The labels’ would be smart to put their content on Hulu. With music videos responsible for so much of its traffic, losing them would be the kick in the pants YouTube needs and provide incentive for YouTube to come up with a better way to monetize that traffic. The trick for Hulu would be adding a ton of content without junking up its interface.
Amazing! I have been watching the spat between Google’s YouTube and Warner Music Group (s WMG) play out in the media — both online and in its offline variants. The bottom line of this corporate he said she said is that there are no more music videos that feature Warner artists such as Madonna. And a lot of it is two parties crying over spilt milk.
Warner complains it doesn’t make any money from Google (s GOOG), even though music videos are extremely popular on YouTube and are major drivers of traffic to the site. According to The New York Times, Warner made $639 million in digital revenues for fiscal year 2008, of which less than 1 percent (or less than $6.39 million) came from YouTube. Another Fellow music labels might soon follow Warner’s suit and try and renegotiate with YouTube or opt out all together. Read More about YouTube, Music Labels: Stop Crying Over Spilt Milk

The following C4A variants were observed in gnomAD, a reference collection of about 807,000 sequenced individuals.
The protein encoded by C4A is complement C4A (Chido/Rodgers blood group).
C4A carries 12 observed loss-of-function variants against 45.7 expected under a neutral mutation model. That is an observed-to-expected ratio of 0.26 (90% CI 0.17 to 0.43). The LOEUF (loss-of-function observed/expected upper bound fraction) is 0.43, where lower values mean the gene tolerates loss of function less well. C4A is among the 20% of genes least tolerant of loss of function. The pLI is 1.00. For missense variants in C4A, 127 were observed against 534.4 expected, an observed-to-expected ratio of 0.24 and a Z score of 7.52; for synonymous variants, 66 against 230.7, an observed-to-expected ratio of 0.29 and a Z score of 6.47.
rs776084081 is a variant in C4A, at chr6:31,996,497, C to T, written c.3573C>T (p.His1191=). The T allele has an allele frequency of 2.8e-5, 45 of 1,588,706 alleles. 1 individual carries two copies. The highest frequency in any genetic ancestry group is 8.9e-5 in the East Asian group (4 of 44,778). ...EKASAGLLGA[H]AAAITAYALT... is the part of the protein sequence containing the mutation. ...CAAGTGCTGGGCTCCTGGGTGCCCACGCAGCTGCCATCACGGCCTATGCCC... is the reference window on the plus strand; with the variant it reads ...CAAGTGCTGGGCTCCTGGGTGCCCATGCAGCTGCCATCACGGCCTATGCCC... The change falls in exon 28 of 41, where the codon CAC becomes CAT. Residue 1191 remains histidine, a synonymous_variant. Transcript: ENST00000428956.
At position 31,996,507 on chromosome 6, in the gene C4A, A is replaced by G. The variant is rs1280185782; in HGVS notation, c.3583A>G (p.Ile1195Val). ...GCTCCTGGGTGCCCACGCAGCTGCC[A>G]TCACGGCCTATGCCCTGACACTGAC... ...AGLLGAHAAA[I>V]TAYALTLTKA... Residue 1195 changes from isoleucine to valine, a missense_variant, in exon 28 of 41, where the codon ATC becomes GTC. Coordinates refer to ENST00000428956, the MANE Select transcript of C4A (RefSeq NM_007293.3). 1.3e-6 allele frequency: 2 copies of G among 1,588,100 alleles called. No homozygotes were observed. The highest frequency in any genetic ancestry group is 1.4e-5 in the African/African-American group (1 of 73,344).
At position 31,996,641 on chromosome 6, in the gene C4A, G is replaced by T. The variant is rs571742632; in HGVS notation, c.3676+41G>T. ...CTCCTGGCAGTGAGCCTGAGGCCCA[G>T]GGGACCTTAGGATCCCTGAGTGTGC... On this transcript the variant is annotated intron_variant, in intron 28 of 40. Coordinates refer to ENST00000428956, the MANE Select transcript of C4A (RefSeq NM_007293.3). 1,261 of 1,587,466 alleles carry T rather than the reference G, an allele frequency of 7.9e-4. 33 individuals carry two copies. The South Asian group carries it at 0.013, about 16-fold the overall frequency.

Amazon.com (AMZN) has added DRM free downloads from Warner Music Group to its MP3 store, something Apple is yet to offer on its iTunes music store. With 2.9 million songs available for download, the Amazon MP3 store is a very legitimate player in the digital music business, and a true competitor to Apple, which has 5.5 million songs available but majority are protected by Apple’s own DRM.
I liked the download service when it first launched, and have often bought music from them, though it still doesn’t come close to the convenience and ease of use of the Apple’s iTunes.